The initial rules stated that each skater would get five attempts to clear the bar in order to advance to the next round, but in true against-the-grain skateboarding fashion, they were given additional tries until it was clear they wouldn’t qualify. Alford, Hayes, Johnson, Jones, Lizard King, Pudwill and Tucker all advanced to the second round. Amazingly, Nick Tucker opted to do the ollie switch (the equivalent of performing a difficult task with your left hand if you happen to be right-handed), which is about as gully as it gets.

In the interest of time (and preserving precious energy), the bar was raised to a record 45.5 inches immediately after the initial round. It didn’t take long for the exertion of previous attempts to catch up with some of the competitors. Alford and Hayes both landed an attempt each, but dragged their hands on the ground while riding away— the rules clearly stipulate that the rideaway must be clean, so back to the drawing board they went. For a moment it seemed that Aflord had done it, but an instant replay proved that he grazed his wheel on the bar. Eventually, with shouts of encouragement from Bragg (“You’ve got this all day!”) and Biebel (“Get the bag!”), Hayes managed to land it cleanly, with Alford following suit shortly after.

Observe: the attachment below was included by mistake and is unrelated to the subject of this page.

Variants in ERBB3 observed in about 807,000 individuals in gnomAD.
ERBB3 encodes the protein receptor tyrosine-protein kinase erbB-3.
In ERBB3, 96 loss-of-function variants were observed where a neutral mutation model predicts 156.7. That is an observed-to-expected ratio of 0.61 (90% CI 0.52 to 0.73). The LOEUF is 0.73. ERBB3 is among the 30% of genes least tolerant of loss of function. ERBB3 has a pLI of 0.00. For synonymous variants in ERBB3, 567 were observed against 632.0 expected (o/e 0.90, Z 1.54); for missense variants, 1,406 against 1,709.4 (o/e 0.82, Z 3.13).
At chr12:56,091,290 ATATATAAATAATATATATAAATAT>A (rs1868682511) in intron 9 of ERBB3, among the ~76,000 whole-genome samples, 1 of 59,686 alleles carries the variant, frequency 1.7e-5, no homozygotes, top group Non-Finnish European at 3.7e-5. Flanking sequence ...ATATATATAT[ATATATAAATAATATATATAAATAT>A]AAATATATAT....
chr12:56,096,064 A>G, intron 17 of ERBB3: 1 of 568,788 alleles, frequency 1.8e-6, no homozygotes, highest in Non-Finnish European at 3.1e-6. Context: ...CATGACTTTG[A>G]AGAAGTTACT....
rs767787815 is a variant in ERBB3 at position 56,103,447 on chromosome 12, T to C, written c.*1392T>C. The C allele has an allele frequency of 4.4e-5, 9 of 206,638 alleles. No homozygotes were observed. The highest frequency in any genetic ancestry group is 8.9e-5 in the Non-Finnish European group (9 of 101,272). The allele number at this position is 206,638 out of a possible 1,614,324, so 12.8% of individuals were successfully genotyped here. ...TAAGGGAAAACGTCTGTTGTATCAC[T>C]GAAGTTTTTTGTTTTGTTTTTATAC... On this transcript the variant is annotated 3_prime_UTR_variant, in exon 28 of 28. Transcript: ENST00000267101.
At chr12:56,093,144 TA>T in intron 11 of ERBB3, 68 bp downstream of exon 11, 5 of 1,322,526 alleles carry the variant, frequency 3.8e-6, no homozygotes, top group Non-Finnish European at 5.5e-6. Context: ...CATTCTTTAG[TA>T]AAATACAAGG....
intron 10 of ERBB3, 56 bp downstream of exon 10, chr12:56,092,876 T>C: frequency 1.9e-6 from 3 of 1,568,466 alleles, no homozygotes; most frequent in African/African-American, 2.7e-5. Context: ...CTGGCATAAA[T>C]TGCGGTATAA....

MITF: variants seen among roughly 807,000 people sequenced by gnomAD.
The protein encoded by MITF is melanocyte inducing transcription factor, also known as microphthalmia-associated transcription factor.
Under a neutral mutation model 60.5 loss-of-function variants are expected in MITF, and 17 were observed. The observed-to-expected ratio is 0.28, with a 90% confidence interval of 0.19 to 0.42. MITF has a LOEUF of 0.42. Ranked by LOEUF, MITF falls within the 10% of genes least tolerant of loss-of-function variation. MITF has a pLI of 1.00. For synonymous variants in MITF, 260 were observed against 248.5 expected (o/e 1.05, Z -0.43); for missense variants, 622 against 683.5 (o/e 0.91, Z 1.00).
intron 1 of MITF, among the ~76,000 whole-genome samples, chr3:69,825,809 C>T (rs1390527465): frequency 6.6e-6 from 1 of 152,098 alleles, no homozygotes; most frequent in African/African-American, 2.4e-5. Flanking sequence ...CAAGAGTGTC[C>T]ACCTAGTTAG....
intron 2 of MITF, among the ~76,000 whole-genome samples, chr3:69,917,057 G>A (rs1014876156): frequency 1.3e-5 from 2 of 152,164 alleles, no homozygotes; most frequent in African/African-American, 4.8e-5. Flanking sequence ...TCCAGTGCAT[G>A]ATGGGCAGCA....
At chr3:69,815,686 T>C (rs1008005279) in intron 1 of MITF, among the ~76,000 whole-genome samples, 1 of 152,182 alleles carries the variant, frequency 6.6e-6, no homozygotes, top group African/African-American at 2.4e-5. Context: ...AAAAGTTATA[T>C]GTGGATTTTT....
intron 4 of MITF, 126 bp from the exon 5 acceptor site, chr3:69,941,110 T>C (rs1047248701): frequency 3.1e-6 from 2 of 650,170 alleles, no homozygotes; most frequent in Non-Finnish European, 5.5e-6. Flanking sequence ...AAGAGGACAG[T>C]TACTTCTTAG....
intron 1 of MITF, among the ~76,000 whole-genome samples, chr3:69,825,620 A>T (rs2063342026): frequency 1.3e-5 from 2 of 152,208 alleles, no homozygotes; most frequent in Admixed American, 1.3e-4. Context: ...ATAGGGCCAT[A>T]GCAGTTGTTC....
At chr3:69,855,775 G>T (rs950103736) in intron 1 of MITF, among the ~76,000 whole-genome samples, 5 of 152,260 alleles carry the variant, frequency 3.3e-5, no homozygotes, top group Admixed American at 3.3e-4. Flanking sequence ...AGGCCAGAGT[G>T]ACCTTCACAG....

And then there were two. Having both just set the highest ollie world record, the bar was once again raised to 46 inches, but neither had it in them to beat the record set just minutes earlier. Alford and Hayes happily shared the $10,000 prize money (and the accolades). Here’s to hoping that the next inch won’t take another 17 years.

Xavier Alford and Jake Hayes, new co-record holders for the world's highest ollie.